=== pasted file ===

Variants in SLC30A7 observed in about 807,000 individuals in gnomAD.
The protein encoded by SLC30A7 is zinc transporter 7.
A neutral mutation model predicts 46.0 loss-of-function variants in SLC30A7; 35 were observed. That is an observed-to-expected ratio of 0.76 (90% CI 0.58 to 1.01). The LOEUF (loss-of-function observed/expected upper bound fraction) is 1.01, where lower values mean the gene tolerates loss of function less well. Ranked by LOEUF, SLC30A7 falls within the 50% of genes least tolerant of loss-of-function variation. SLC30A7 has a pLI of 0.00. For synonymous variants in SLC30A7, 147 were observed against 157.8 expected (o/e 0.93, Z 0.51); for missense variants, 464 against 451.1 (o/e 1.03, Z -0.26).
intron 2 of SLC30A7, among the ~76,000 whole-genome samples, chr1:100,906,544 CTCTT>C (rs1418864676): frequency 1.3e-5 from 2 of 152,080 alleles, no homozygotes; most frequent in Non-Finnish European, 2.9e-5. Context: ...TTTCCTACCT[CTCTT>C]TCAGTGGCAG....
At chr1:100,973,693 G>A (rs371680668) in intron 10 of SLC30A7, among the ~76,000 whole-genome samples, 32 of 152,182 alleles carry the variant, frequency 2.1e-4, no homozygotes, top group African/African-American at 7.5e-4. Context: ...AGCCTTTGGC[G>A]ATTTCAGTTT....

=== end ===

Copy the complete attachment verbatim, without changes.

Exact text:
Variants in SLC30A7 observed in about 807,000 individuals in gnomAD.
The protein encoded by SLC30A7 is zinc transporter 7.
A neutral mutation model predicts 46.0 loss-of-function variants in SLC30A7; 35 were observed. That is an observed-to-expected ratio of 0.76 (90% CI 0.58 to 1.01). The LOEUF (loss-of-function observed/expected upper bound fraction) is 1.01, where lower values mean the gene tolerates loss of function less well. Ranked by LOEUF, SLC30A7 falls within the 50% of genes least tolerant of loss-of-function variation. SLC30A7 has a pLI of 0.00. For synonymous variants in SLC30A7, 147 were observed against 157.8 expected (o/e 0.93, Z 0.51); for missense variants, 464 against 451.1 (o/e 1.03, Z -0.26).
intron 2 of SLC30A7, among the ~76,000 whole-genome samples, chr1:100,906,544 CTCTT>C (rs1418864676): frequency 1.3e-5 from 2 of 152,080 alleles, no homozygotes; most frequent in Non-Finnish European, 2.9e-5. Context: ...TTTCCTACCT[CTCTT>C]TCAGTGGCAG....
At chr1:100,973,693 G>A (rs371680668) in intron 10 of SLC30A7, among the ~76,000 whole-genome samples, 32 of 152,182 alleles carry the variant, frequency 2.1e-4, no homozygotes, top group African/African-American at 7.5e-4. Context: ...AGCCTTTGGC[G>A]ATTTCAGTTT....